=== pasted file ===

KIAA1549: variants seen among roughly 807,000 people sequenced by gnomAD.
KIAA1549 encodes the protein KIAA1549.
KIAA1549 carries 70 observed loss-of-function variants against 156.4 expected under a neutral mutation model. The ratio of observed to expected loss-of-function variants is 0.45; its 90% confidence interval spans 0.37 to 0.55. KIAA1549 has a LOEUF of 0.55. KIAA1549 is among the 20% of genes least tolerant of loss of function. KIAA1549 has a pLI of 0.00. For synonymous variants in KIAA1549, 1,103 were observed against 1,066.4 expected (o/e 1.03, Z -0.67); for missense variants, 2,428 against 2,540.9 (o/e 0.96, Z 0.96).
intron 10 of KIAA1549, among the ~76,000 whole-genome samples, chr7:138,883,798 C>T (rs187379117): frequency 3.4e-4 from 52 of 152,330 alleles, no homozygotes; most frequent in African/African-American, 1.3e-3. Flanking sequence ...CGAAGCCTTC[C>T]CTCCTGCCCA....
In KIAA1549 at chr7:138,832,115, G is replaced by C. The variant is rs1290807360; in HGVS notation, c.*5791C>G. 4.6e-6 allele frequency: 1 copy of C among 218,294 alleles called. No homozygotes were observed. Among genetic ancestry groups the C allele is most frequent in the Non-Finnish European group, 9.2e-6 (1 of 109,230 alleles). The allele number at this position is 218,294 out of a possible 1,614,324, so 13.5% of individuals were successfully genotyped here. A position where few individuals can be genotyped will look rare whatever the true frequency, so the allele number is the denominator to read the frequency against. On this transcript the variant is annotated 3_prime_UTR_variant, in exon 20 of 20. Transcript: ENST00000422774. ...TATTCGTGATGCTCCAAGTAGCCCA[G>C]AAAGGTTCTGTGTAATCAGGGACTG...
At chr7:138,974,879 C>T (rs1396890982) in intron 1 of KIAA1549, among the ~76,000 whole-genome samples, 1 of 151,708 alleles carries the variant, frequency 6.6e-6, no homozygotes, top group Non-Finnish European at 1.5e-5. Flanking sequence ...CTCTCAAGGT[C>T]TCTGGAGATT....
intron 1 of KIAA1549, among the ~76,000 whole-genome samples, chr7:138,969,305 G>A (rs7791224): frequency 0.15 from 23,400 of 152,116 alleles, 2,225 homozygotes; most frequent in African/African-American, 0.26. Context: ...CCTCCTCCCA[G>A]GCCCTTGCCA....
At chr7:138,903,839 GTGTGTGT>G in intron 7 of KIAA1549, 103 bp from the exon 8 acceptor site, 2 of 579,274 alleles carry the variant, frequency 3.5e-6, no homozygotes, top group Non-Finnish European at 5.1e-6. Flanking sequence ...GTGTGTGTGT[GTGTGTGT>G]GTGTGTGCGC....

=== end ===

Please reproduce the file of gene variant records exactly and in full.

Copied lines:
KIAA1549: variants seen among roughly 807,000 people sequenced by gnomAD.
KIAA1549 encodes the protein KIAA1549.
KIAA1549 carries 70 observed loss-of-function variants against 156.4 expected under a neutral mutation model. The ratio of observed to expected loss-of-function variants is 0.45; its 90% confidence interval spans 0.37 to 0.55. KIAA1549 has a LOEUF of 0.55. KIAA1549 is among the 20% of genes least tolerant of loss of function. KIAA1549 has a pLI of 0.00. For synonymous variants in KIAA1549, 1,103 were observed against 1,066.4 expected (o/e 1.03, Z -0.67); for missense variants, 2,428 against 2,540.9 (o/e 0.96, Z 0.96).
intron 10 of KIAA1549, among the ~76,000 whole-genome samples, chr7:138,883,798 C>T (rs187379117): frequency 3.4e-4 from 52 of 152,330 alleles, no homozygotes; most frequent in African/African-American, 1.3e-3. Flanking sequence ...CGAAGCCTTC[C>T]CTCCTGCCCA....
In KIAA1549 at chr7:138,832,115, G is replaced by C. The variant is rs1290807360; in HGVS notation, c.*5791C>G. 4.6e-6 allele frequency: 1 copy of C among 218,294 alleles called. No homozygotes were observed. Among genetic ancestry groups the C allele is most frequent in the Non-Finnish European group, 9.2e-6 (1 of 109,230 alleles). The allele number at this position is 218,294 out of a possible 1,614,324, so 13.5% of individuals were successfully genotyped here. A position where few individuals can be genotyped will look rare whatever the true frequency, so the allele number is the denominator to read the frequency against. On this transcript the variant is annotated 3_prime_UTR_variant, in exon 20 of 20. Transcript: ENST00000422774. ...TATTCGTGATGCTCCAAGTAGCCCA[G>C]AAAGGTTCTGTGTAATCAGGGACTG...
At chr7:138,974,879 C>T (rs1396890982) in intron 1 of KIAA1549, among the ~76,000 whole-genome samples, 1 of 151,708 alleles carries the variant, frequency 6.6e-6, no homozygotes, top group Non-Finnish European at 1.5e-5. Flanking sequence ...CTCTCAAGGT[C>T]TCTGGAGATT....
intron 1 of KIAA1549, among the ~76,000 whole-genome samples, chr7:138,969,305 G>A (rs7791224): frequency 0.15 from 23,400 of 152,116 alleles, 2,225 homozygotes; most frequent in African/African-American, 0.26. Context: ...CCTCCTCCCA[G>A]GCCCTTGCCA....
At chr7:138,903,839 GTGTGTGT>G in intron 7 of KIAA1549, 103 bp from the exon 8 acceptor site, 2 of 579,274 alleles carry the variant, frequency 3.5e-6, no homozygotes, top group Non-Finnish European at 5.1e-6. Flanking sequence ...GTGTGTGTGT[GTGTGTGT>G]GTGTGTGCGC....